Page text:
Poor Little Mouse. He’s arachnophobic, and aichmophobic (fear of knives), and phagophobic (afraid of being eaten). In fact, he’s pretty much panophobic (afraid of everything). But even if he’s a bit of a scaredy ca- er, mouse, he can still take pleasure in the fact that, terrified as he is, a human is still scared of him
Emily Gravett has used collage and unusual book design to her advantage in the past, but it reaches new heights with this title. The format is supposedly a “book of fears” workbook, one which has a fear and its explanation at the top, and the space beneath it to “record and face your fears”. Little Mouse has done just that, drawing or pasting to fill each page with his specific reasons for having that specific fear. We can see the mouse and his pencil as he reacts to his own fears. The pages feature dog ears and “nibbled” pages that leave the edges of the book uneven. While not a pop-up book by any means, several of the pages have fold-out sections, such as a map or leaves of a newspaper.
As an example, on the Aichmophobia (fear of knives) page, we see Little Mouse holding his tail with a worried expression beneath a picture of the Three Blind Mice, a “newspaper article” describing the cutting of mouse tails, and a Mousecrobat Circus Trio (“Did you ever see such a thing in your life?”) poster with a big “CANCELED” stamped across it.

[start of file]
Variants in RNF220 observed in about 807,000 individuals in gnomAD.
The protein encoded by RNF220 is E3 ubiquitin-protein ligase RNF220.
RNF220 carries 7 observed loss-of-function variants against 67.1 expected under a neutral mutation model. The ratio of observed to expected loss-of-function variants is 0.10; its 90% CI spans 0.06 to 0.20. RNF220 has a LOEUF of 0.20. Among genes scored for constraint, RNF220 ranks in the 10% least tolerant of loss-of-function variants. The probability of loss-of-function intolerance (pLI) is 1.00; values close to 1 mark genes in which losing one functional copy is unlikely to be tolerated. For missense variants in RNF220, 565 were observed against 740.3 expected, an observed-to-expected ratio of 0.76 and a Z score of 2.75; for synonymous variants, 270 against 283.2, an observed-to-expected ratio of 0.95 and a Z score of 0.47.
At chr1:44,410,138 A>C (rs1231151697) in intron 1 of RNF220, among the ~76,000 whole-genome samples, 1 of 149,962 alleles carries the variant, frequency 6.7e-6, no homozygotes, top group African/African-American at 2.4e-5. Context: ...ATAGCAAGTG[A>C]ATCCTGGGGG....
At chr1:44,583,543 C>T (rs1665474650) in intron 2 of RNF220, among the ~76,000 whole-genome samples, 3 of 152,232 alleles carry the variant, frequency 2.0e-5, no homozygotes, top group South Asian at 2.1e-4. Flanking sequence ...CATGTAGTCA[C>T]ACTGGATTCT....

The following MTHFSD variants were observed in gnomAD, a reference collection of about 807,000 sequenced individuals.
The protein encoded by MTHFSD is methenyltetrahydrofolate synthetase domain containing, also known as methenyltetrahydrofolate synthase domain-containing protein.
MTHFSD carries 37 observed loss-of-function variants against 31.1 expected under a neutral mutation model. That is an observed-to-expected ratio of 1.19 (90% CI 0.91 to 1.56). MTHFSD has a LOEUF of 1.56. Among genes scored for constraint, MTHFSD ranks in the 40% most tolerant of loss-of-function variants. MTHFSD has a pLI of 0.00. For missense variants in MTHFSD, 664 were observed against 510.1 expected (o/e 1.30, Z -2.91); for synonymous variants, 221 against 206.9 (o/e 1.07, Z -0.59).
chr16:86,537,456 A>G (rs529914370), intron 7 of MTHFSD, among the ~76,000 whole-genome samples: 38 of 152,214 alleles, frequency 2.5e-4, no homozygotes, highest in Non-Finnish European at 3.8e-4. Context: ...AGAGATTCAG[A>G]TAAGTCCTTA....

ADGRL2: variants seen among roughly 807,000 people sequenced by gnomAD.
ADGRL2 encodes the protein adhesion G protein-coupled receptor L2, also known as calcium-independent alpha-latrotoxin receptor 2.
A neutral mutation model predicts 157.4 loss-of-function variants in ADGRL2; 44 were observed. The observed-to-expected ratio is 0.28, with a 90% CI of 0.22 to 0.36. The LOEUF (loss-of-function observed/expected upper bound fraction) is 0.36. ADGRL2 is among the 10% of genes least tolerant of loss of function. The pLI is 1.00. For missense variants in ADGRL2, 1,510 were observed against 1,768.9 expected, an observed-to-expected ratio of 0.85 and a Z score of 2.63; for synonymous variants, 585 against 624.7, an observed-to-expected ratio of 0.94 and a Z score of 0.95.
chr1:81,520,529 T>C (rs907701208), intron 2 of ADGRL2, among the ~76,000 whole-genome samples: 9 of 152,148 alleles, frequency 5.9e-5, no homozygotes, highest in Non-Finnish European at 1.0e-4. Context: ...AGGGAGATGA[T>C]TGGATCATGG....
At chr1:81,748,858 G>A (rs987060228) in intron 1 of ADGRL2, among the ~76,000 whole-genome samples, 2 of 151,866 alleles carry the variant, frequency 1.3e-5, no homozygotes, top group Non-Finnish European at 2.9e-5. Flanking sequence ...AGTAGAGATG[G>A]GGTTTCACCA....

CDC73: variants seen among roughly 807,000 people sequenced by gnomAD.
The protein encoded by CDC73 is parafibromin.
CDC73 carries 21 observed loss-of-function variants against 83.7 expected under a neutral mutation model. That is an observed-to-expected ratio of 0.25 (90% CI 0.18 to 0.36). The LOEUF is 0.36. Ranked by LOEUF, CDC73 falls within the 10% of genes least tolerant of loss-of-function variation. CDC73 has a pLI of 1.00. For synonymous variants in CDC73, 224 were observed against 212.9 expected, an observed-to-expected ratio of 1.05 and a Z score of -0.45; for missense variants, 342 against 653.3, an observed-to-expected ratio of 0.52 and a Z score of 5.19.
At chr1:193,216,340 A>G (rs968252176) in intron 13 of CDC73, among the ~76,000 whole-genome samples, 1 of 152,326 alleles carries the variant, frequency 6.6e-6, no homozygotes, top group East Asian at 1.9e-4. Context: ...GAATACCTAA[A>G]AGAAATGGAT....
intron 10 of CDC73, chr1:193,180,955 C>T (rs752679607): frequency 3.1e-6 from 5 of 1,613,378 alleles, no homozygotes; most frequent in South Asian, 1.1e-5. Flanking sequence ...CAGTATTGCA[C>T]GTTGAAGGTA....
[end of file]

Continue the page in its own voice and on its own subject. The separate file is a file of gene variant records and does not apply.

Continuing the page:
The fears range from logical (being eaten) to whimsical (having an accident while trying to figure out how to use a human toilet while the size of a mouse) and everything in between.The facial expression on the mouse are priceless. While I’m not usually a fan of collage (the results are usually a little too busy for my personal tastes) the found object approach here is done wonderfully. The collage objects are used to enhance the total experience, and do not overwhelm with images or create an overwhelming picture.
While the lack of a cohesive story line, and the probability that kids will want to pore over the details on each page, means that this book is not the best choice for group sharing or story time, it will have great one on one appeal for young children, and I suspect that older children reading on their own will also enjoy it.